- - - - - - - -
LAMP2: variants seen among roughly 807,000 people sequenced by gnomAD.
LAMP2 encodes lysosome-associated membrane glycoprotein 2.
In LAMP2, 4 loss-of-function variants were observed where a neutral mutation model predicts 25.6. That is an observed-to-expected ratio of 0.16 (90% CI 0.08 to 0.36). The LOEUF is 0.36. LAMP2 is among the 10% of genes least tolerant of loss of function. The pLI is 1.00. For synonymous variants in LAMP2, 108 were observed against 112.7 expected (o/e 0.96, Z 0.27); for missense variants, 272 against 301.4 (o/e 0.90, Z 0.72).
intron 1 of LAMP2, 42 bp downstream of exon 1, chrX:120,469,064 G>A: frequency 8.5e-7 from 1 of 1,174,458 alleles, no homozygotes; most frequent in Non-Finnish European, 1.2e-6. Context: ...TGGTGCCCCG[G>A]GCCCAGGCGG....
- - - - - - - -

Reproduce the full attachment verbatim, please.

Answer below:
LAMP2: variants seen among roughly 807,000 people sequenced by gnomAD.
LAMP2 encodes lysosome-associated membrane glycoprotein 2.
In LAMP2, 4 loss-of-function variants were observed where a neutral mutation model predicts 25.6. That is an observed-to-expected ratio of 0.16 (90% CI 0.08 to 0.36). The LOEUF is 0.36. LAMP2 is among the 10% of genes least tolerant of loss of function. The pLI is 1.00. For synonymous variants in LAMP2, 108 were observed against 112.7 expected (o/e 0.96, Z 0.27); for missense variants, 272 against 301.4 (o/e 0.90, Z 0.72).
intron 1 of LAMP2, 42 bp downstream of exon 1, chrX:120,469,064 G>A: frequency 8.5e-7 from 1 of 1,174,458 alleles, no homozygotes; most frequent in Non-Finnish European, 1.2e-6. Context: ...TGGTGCCCCG[G>A]GCCCAGGCGG....